- Greek Yogurt
- Hummus + Pita
- Lentil Soup + Whole Grain Roll
- Oatmeal + Peanut Butter
- Peanut Butter Sandwich
- Pumpkin Seeds
- Rice + Beans
- Rice + Chickpeas
- Rice + Lentils
- Spinach Salad + Sunflower Seeds
- Spirulina + Grains
- Spirulina + Nuts
- Whole Wheat Toast + Nut Butter
Sewall House Yoga Retreat has a great resource for its guests to continue their vegetarian experience when they go home, the cookbook A Taste of Sewall House at Home by Ravi Kirin. Her recipes are loaded with plant-based nutrients and protein. One of the biggest fan favorites, the Spicy Potato Curry provides about 10g of protein per serving. The French Lentil Soup comes in at 10g per bowl, the Black Bean Soup has about 15g per serving.
Desserts have protein, too! Raw Lime Pie has 4g per slice, Apple Pear Crisp has about 7g per slice, and the famous Trustworthy Seedy Bread has 5g per slice.
What is a typical daily menu at Sewall House Yoga Retreat?
To walk you through a day of eating at the retreat, here is a simple sample meal plan with a total of 63g protein and all of the essential amino acids:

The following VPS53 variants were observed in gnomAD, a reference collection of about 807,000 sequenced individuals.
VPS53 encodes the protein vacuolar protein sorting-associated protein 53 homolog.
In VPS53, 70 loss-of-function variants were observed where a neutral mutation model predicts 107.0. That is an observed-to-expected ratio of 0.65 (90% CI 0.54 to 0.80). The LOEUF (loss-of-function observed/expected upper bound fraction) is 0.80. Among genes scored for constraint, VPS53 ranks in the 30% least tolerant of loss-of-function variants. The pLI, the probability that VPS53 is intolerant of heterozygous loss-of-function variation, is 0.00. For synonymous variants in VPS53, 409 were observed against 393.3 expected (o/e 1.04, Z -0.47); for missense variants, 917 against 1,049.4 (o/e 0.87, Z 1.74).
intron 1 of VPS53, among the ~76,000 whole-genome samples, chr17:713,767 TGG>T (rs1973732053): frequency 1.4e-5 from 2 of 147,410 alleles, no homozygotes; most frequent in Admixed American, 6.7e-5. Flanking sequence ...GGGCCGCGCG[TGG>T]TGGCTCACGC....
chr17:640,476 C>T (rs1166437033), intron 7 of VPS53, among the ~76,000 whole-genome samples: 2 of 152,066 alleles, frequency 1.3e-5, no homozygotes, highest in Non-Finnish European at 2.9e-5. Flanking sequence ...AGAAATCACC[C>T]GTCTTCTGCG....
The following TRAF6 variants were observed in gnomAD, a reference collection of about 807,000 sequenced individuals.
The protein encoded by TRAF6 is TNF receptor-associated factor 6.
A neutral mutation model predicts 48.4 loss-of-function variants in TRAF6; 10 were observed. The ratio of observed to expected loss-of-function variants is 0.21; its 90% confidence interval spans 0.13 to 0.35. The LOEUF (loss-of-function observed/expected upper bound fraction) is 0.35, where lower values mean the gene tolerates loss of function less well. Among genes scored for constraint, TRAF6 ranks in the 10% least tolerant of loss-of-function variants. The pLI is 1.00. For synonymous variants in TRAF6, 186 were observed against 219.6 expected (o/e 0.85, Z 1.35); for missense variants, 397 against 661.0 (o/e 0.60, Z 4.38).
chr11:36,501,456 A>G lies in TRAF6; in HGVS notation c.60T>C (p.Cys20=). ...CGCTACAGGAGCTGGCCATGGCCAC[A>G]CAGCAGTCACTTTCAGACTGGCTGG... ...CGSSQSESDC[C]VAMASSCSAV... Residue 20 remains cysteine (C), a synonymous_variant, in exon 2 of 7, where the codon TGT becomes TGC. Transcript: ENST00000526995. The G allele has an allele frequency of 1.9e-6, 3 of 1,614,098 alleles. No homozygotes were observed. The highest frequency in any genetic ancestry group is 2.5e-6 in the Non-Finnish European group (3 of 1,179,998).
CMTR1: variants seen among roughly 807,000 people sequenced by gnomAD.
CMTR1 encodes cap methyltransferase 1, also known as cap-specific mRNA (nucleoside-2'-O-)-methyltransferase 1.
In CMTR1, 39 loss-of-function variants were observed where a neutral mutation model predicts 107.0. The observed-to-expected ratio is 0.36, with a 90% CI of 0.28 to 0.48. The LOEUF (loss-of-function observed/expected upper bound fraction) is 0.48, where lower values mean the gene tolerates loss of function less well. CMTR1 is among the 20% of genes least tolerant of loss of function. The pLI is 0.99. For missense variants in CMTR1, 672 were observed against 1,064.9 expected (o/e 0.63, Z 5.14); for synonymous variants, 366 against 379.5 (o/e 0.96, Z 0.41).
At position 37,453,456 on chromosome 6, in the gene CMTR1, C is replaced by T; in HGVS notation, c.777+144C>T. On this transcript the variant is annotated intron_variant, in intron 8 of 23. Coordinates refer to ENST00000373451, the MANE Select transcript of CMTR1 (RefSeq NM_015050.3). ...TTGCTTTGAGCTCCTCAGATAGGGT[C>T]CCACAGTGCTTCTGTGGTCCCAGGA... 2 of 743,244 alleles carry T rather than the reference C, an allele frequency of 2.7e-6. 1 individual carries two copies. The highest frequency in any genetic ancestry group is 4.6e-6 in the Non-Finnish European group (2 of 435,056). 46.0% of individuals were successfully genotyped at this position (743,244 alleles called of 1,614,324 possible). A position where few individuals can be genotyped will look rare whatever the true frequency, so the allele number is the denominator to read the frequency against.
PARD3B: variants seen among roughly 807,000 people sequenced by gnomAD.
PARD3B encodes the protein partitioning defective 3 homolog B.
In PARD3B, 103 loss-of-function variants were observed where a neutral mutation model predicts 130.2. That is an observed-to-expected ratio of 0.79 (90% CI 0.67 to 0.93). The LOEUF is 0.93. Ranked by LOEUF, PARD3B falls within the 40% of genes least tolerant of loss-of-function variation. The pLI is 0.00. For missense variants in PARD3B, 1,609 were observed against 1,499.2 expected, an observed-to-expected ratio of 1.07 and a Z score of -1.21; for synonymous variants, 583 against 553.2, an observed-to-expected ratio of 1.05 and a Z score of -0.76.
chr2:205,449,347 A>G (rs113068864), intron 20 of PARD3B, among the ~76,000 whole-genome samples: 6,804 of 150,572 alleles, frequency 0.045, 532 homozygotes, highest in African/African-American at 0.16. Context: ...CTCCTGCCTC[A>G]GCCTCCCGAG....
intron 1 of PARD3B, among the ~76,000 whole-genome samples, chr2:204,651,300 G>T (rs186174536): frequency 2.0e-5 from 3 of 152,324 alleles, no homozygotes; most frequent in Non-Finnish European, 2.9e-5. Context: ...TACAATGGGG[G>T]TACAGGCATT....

2 eggs + 1 piece of seed bread + peanut butter and a banana = 22g of protein
Cheddar grilled cheese on seed bread + lentil soup = 27g of protein
Spicy potato curry = 10g of protein
A slice of raw lime pie = 4g of protein
Get all the protein you need from a vegetarian diet
We hope that this information leaves you feeling confident and excited to try out a vegetarian diet during your stay at Sewall House Yoga Retreat or at home. There are so many resources out there to support any questions you have about leaving your meat behind, even if just for a few days. Below is a list of resources we pulled from to write this article and more that will serve you well if you want to research the benefits of vegetarianism even deeper.
Here are some additional vegetarian diet resources
Environmental benefits of eating a vegetarian diet
The difference between animal and plant-based proteins
Plant-based foods with complete proteins
Health dangers of eating meat